Ohio State scientists make a breakthrough in hearing technology; Caltech researchers reveal lab-on-a-chip device;

News From Around the Web

> Computer engineers and hearing scientists at the Ohio State University have made a potential breakthrough in solving a 50-year-old problem in hearing technology: how to help the hearing-impaired understand speech in the midst of background noise. In the Journal of the Acoustical Society of America, they describe how they used the latest developments in neural networks to boost test subjects' recognition of spoken words from as low as 10 percent to as high as 90 percent, according to an announcement. Announcement

> At the California Institute of Technology (Caltech), researchers have demonstrated a method for using a lab-on-a-chip device and a cell phone to determine a concentration of molecules, such as HIV RNA molecules, in a sample, according to an announcement. "This digital approach can consistently provide accurate quantitative information despite changes in timing, temperature, and lighting conditions, a capability not previously possible using traditional measurements," the announcement states. Announcement

Provider News

> Can a good working relationship between nurses and cleaning staff help improve patient care and safety? A new report by the Royal College of Nursing (RCN) and the Association of Healthcare Cleaning Professionals (AHCP) thinks so. The report, Creating a Safe Environment for Care, examines the role of the nursing and cleaning staff in England and implementation of infection prevention and control strategies. Article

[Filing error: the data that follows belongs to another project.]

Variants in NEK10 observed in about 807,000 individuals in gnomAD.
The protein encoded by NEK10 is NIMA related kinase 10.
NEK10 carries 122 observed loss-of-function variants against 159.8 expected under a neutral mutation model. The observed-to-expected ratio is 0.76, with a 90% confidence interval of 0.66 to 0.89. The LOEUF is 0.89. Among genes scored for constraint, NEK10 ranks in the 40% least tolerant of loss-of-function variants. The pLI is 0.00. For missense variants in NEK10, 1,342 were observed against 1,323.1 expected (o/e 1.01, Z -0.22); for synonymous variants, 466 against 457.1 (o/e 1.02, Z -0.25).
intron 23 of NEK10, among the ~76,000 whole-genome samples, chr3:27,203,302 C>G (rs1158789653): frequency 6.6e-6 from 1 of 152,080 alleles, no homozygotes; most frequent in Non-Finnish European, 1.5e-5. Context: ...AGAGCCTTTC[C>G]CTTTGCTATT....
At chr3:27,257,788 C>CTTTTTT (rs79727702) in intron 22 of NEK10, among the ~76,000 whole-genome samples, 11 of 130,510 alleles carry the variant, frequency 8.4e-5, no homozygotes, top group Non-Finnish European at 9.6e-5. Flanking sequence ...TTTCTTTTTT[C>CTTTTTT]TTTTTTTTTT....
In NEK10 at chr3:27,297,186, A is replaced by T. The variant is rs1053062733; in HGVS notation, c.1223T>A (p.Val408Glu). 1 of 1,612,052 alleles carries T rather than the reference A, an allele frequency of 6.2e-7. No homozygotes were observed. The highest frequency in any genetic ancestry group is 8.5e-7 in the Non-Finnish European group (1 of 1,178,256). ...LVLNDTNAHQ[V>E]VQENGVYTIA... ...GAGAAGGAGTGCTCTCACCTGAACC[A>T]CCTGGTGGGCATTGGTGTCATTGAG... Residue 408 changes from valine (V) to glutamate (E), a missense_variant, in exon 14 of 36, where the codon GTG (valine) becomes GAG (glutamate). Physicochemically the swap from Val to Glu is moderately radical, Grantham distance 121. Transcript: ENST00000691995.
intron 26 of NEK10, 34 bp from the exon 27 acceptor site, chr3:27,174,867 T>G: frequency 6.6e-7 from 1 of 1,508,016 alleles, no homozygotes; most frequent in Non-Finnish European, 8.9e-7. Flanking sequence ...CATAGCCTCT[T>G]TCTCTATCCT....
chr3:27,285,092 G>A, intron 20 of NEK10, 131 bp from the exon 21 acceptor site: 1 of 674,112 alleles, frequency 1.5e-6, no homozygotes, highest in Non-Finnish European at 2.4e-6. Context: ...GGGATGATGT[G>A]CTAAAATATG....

> The Obama administration and insurers oppose a proposal that hospitals buy their sickest and poorest patients health insurance under the Affordable Care Act, in fear it would create even more difficulties in the new healthcare exchange, the Financial Times reported. Hospitals purchasing insurance plans for chronically ill or poor patients might skew the insurance risk pool, which needs to enroll 2.7 million healthy, young people out of the anticipated 7 million by March 2014 in order to keep premiums low, according to the article. Article

Mobile Healthcare News

> Scanadu, the Moffett Field, Calif.-based mobile and sensor technology company, has secured $10.5 million in Series A funding and will start the first clinical trials of its Scout vital sign monitor at the Scripps Translational Science Institute (STSI), according to an announcement. Article

And Finally... Hey Mr. President, it's not me; it's you. Article


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